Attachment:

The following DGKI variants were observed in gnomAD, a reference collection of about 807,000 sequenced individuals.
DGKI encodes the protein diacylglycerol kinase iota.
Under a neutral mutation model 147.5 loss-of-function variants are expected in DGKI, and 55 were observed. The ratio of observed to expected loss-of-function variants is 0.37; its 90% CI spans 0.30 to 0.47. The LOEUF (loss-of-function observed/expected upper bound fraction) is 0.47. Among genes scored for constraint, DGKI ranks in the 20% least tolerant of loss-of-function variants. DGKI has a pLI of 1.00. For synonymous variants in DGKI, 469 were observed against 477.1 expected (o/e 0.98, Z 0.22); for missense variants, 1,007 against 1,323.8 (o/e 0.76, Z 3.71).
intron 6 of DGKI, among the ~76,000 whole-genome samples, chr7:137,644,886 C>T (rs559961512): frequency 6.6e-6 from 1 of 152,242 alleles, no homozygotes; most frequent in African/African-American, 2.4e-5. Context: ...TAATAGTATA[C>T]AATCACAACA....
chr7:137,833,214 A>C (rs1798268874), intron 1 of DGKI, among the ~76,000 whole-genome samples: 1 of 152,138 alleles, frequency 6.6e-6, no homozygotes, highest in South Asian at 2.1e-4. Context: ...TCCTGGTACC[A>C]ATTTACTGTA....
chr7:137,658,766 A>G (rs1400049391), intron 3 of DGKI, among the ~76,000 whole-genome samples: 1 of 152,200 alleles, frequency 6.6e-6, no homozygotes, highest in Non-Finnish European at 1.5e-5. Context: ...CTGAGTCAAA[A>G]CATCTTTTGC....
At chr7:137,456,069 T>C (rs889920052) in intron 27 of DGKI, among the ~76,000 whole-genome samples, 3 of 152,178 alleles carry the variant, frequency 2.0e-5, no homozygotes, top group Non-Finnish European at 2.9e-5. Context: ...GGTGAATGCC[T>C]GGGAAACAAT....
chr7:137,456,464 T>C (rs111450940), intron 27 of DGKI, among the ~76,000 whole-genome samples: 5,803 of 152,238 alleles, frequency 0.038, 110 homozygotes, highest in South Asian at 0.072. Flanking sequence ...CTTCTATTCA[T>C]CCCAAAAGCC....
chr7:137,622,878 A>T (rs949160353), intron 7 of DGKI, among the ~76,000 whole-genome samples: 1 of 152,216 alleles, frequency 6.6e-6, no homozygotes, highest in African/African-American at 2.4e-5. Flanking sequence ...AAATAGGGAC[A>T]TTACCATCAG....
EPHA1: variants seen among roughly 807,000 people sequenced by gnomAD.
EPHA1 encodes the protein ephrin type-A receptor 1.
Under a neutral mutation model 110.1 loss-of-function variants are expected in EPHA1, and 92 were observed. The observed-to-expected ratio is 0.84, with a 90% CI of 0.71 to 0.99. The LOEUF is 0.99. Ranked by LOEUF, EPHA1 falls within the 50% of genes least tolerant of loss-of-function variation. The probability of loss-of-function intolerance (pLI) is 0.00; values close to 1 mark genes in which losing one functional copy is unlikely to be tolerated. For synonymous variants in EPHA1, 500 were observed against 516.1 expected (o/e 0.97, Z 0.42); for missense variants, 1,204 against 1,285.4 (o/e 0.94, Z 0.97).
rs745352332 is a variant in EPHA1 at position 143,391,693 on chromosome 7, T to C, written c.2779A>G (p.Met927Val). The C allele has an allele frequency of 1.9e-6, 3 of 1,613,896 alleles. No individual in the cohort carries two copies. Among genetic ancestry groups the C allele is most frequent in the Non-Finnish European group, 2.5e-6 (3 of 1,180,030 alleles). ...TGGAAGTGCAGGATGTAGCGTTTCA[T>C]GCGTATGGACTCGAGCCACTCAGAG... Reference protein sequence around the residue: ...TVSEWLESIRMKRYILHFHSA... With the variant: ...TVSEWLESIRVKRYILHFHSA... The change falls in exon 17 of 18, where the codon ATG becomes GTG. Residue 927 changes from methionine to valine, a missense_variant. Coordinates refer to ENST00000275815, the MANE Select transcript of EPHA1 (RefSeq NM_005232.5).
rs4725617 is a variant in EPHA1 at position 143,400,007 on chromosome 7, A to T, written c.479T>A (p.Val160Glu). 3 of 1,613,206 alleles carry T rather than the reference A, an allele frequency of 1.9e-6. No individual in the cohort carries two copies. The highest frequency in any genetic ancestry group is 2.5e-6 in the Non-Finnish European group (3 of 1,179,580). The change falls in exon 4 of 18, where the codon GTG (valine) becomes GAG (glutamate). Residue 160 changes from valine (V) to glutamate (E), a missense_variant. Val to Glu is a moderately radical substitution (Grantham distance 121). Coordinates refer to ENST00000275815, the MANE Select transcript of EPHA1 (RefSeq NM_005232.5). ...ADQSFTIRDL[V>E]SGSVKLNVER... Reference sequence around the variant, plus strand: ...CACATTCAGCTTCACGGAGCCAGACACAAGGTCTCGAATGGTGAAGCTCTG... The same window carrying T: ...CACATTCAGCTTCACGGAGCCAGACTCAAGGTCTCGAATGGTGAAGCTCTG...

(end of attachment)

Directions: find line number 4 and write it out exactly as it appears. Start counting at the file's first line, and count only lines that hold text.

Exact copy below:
intron 6 of DGKI, among the ~76,000 whole-genome samples, chr7:137,644,886 C>T (rs559961512): frequency 6.6e-6 from 1 of 152,242 alleles, no homozygotes; most frequent in African/African-American, 2.4e-5. Context: ...TAATAGTATA[C>T]AATCACAACA....